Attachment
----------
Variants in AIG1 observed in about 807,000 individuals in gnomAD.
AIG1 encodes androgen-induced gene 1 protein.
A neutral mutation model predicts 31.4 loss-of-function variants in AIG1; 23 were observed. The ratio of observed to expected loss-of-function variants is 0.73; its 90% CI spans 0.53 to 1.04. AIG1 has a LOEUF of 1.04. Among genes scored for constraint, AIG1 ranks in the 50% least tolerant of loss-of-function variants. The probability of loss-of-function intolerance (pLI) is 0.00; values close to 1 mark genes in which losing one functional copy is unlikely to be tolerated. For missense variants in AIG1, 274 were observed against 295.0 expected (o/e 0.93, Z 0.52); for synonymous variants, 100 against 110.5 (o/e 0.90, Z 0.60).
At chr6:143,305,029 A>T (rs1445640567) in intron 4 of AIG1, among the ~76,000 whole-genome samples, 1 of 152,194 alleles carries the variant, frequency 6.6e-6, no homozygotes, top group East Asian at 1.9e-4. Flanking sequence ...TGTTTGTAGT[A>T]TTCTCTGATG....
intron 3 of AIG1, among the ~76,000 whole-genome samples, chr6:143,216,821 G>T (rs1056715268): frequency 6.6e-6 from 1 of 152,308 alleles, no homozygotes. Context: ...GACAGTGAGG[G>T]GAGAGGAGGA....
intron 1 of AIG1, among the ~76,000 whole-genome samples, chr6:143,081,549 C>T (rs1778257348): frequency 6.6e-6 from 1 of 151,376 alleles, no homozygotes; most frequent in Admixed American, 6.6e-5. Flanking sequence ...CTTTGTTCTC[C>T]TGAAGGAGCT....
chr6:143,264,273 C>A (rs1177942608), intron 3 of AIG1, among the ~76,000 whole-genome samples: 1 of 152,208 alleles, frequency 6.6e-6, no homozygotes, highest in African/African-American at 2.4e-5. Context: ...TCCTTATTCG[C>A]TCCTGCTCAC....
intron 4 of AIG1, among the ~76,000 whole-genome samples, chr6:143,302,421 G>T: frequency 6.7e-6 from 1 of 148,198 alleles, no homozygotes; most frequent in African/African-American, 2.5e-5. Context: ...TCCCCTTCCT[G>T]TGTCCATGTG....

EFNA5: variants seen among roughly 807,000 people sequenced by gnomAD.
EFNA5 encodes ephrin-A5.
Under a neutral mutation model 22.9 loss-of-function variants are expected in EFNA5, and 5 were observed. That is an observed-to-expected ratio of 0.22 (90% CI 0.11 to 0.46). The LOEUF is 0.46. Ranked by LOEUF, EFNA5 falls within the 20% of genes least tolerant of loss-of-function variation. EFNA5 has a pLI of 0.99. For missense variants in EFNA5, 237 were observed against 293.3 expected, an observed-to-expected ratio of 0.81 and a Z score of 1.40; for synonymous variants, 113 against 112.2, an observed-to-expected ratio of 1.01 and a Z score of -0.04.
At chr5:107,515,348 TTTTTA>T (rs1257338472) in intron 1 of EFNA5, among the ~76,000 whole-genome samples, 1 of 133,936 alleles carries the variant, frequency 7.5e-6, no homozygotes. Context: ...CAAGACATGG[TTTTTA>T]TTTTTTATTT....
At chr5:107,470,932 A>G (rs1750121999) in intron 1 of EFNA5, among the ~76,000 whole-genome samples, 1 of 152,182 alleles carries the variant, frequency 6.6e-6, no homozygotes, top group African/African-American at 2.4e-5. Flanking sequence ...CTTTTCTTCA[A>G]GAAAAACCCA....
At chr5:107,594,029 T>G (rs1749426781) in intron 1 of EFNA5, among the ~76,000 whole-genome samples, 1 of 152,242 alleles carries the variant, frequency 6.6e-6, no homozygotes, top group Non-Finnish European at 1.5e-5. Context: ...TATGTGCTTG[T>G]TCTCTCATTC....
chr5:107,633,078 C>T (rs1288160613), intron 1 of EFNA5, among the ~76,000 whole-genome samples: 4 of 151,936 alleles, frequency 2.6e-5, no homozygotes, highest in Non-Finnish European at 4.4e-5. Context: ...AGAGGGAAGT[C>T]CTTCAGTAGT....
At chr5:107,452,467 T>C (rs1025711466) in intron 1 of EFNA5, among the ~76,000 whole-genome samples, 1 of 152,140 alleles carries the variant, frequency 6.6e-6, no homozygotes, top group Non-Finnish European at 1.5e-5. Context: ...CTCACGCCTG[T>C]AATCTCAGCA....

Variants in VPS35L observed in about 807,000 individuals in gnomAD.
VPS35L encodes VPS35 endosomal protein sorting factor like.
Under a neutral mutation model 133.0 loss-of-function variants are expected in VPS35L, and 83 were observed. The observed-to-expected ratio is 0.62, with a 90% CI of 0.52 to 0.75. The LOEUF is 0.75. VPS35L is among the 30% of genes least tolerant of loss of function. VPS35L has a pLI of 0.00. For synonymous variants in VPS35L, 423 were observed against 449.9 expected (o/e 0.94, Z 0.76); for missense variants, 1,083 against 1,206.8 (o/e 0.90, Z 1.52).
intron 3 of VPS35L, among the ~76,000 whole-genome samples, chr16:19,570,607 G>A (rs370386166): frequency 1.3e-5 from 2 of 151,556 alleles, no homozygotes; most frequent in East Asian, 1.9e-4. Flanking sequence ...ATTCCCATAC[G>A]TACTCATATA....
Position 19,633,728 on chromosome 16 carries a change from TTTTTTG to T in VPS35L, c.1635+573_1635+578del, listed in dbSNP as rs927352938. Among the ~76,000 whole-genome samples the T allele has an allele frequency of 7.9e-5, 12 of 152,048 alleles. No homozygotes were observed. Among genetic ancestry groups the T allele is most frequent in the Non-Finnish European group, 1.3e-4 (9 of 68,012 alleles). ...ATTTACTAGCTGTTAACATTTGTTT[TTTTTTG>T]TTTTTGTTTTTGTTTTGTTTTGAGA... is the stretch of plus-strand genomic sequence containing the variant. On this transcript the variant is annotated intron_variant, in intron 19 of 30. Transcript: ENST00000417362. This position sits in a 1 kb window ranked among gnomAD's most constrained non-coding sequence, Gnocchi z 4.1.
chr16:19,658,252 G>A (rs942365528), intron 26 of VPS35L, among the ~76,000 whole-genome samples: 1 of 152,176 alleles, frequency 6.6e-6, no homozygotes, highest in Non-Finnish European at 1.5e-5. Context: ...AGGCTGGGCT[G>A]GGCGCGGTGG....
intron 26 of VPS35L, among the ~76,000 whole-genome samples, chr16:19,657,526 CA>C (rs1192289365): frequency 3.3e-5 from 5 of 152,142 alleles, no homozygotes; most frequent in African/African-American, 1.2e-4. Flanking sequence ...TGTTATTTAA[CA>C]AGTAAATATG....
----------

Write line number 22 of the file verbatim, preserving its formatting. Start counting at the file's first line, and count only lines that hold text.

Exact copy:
chr16:19,658,252 G>A (rs942365528), intron 26 of VPS35L, among the ~76,000 whole-genome samples: 1 of 152,176 alleles, frequency 6.6e-6, no homozygotes, highest in Non-Finnish European at 1.5e-5. Context: ...AGGCTGGGCT[G>A]GGCGCGGTGG....